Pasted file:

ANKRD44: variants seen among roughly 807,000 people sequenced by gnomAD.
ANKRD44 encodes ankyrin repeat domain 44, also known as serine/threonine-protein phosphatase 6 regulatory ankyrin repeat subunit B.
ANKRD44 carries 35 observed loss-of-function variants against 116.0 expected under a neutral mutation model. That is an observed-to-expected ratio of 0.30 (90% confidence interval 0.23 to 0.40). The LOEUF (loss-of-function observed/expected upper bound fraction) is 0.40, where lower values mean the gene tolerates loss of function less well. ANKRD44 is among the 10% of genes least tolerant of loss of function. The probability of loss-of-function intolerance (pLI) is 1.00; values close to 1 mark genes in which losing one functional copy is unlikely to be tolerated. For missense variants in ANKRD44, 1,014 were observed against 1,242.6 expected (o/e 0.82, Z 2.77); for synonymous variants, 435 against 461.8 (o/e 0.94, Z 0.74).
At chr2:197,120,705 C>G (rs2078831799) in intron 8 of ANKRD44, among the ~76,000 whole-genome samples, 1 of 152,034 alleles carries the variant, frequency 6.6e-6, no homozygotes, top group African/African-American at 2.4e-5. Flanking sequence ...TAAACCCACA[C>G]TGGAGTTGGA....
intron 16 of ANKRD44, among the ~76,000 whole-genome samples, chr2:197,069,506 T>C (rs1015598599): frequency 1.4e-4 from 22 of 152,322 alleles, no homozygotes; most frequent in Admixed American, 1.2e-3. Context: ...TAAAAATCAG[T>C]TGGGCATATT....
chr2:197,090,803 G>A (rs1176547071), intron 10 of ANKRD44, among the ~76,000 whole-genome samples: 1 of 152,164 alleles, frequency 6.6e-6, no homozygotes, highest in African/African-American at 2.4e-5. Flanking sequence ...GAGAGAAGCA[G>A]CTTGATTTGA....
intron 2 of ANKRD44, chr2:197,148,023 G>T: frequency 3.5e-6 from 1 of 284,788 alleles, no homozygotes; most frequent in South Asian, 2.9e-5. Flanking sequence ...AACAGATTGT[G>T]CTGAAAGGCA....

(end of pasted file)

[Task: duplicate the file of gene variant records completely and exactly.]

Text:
ANKRD44: variants seen among roughly 807,000 people sequenced by gnomAD.
ANKRD44 encodes ankyrin repeat domain 44, also known as serine/threonine-protein phosphatase 6 regulatory ankyrin repeat subunit B.
ANKRD44 carries 35 observed loss-of-function variants against 116.0 expected under a neutral mutation model. That is an observed-to-expected ratio of 0.30 (90% confidence interval 0.23 to 0.40). The LOEUF (loss-of-function observed/expected upper bound fraction) is 0.40, where lower values mean the gene tolerates loss of function less well. ANKRD44 is among the 10% of genes least tolerant of loss of function. The probability of loss-of-function intolerance (pLI) is 1.00; values close to 1 mark genes in which losing one functional copy is unlikely to be tolerated. For missense variants in ANKRD44, 1,014 were observed against 1,242.6 expected (o/e 0.82, Z 2.77); for synonymous variants, 435 against 461.8 (o/e 0.94, Z 0.74).
At chr2:197,120,705 C>G (rs2078831799) in intron 8 of ANKRD44, among the ~76,000 whole-genome samples, 1 of 152,034 alleles carries the variant, frequency 6.6e-6, no homozygotes, top group African/African-American at 2.4e-5. Flanking sequence ...TAAACCCACA[C>G]TGGAGTTGGA....
intron 16 of ANKRD44, among the ~76,000 whole-genome samples, chr2:197,069,506 T>C (rs1015598599): frequency 1.4e-4 from 22 of 152,322 alleles, no homozygotes; most frequent in Admixed American, 1.2e-3. Context: ...TAAAAATCAG[T>C]TGGGCATATT....
chr2:197,090,803 G>A (rs1176547071), intron 10 of ANKRD44, among the ~76,000 whole-genome samples: 1 of 152,164 alleles, frequency 6.6e-6, no homozygotes, highest in African/African-American at 2.4e-5. Flanking sequence ...GAGAGAAGCA[G>A]CTTGATTTGA....
intron 2 of ANKRD44, chr2:197,148,023 G>T: frequency 3.5e-6 from 1 of 284,788 alleles, no homozygotes; most frequent in South Asian, 2.9e-5. Flanking sequence ...AACAGATTGT[G>T]CTGAAAGGCA....